EA's all in. BioWare's all in. But I'm... not. And you have no idea how gutted I am to write that.

Anthem's first real showing ahead of its February 22 launch next year was disappointing for me. It was not enticing at all. After years of games like Destiny and The Division, the sort of genre I'd like to refer to as the grind-to-win, I've no real excitement for Anthem. For the most part, what it showed looked graphically incredible and there was some stunning art concepts shown, but what was shown on a gameplay level just didn't entice.

Anthem will have more opportunities throughout the year to impress ahead of its February release and you have no idea how much I want this to succeed, if only for BioWare to survive for another day. Because you get the impression that if this doesn't go the way EA wants it to, it won't end well for BioWare. Just ask Pandemic Games and Visceral Games.

There's still time. But first impressions are everything. And I didn't have a good first impression of it.

Also, no romance options = major bust.


SoS for Sea of Solitude

Real talk for a second: my mental health has shit the bed in spectacular fashion recently. It's bad. Straight up bad. This isn't one of those episodes where you feel rough for a day or two mentally and then you somehow find a way to get over it and get back on the horse. In my case, it's bad. Real bad.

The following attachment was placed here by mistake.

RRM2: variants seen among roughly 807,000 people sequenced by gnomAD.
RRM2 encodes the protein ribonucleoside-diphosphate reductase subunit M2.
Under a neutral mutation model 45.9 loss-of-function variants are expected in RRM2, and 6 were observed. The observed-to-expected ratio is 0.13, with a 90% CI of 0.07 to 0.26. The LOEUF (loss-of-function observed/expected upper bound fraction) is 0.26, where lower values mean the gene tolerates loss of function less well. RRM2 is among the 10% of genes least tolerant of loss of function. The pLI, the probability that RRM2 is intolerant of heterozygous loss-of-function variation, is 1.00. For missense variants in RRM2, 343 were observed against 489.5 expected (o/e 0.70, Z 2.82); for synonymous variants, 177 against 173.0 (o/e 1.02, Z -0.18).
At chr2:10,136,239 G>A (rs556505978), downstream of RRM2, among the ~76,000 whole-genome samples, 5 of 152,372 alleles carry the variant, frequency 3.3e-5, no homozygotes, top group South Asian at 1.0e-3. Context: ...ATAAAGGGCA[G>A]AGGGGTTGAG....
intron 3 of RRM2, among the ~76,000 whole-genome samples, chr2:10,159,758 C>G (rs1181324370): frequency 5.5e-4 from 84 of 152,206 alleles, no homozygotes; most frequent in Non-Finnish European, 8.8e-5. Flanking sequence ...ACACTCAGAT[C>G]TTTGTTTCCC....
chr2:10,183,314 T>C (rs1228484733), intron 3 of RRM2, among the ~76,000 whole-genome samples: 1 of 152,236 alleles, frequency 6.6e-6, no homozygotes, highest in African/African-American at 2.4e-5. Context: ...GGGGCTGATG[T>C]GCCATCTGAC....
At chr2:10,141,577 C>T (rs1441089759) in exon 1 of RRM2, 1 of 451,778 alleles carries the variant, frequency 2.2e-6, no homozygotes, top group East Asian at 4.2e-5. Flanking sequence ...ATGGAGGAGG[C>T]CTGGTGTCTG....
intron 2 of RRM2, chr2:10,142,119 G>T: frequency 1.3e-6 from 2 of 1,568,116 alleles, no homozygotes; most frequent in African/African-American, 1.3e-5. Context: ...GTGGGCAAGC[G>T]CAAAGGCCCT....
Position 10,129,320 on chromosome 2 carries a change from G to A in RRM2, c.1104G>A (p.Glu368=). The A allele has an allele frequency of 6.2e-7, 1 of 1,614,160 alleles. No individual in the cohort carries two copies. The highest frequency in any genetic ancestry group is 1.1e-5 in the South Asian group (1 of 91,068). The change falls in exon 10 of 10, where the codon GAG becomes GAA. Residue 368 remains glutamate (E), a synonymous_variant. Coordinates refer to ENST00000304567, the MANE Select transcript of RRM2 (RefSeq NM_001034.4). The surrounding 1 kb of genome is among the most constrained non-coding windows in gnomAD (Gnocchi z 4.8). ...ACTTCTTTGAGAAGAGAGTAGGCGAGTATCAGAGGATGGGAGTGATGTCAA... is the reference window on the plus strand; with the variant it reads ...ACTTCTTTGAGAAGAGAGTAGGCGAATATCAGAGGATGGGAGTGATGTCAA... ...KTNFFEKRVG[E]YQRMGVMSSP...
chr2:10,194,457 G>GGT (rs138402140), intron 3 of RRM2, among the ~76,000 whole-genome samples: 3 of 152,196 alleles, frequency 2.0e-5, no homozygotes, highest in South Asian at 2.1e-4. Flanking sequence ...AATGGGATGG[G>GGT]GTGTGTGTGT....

For the past ten days or so, I've been on a sort of self-desctructive path that has seen myself on a path of self-loathing, hopelessness and helplessness among others. Whenever it gets super bad, I feel unable to reach out to people for whatever reason. Whether that's because I don't want to talk, because I feel afraid of what other people will say when I do, because I feel like an inconvenience or I'm not worthy of it, like in the past week.

And in light of the tragic events this week with Kate Spade and Anthony Bourdain, the need to reach out to people has been more prominent than ever on social media and in the news.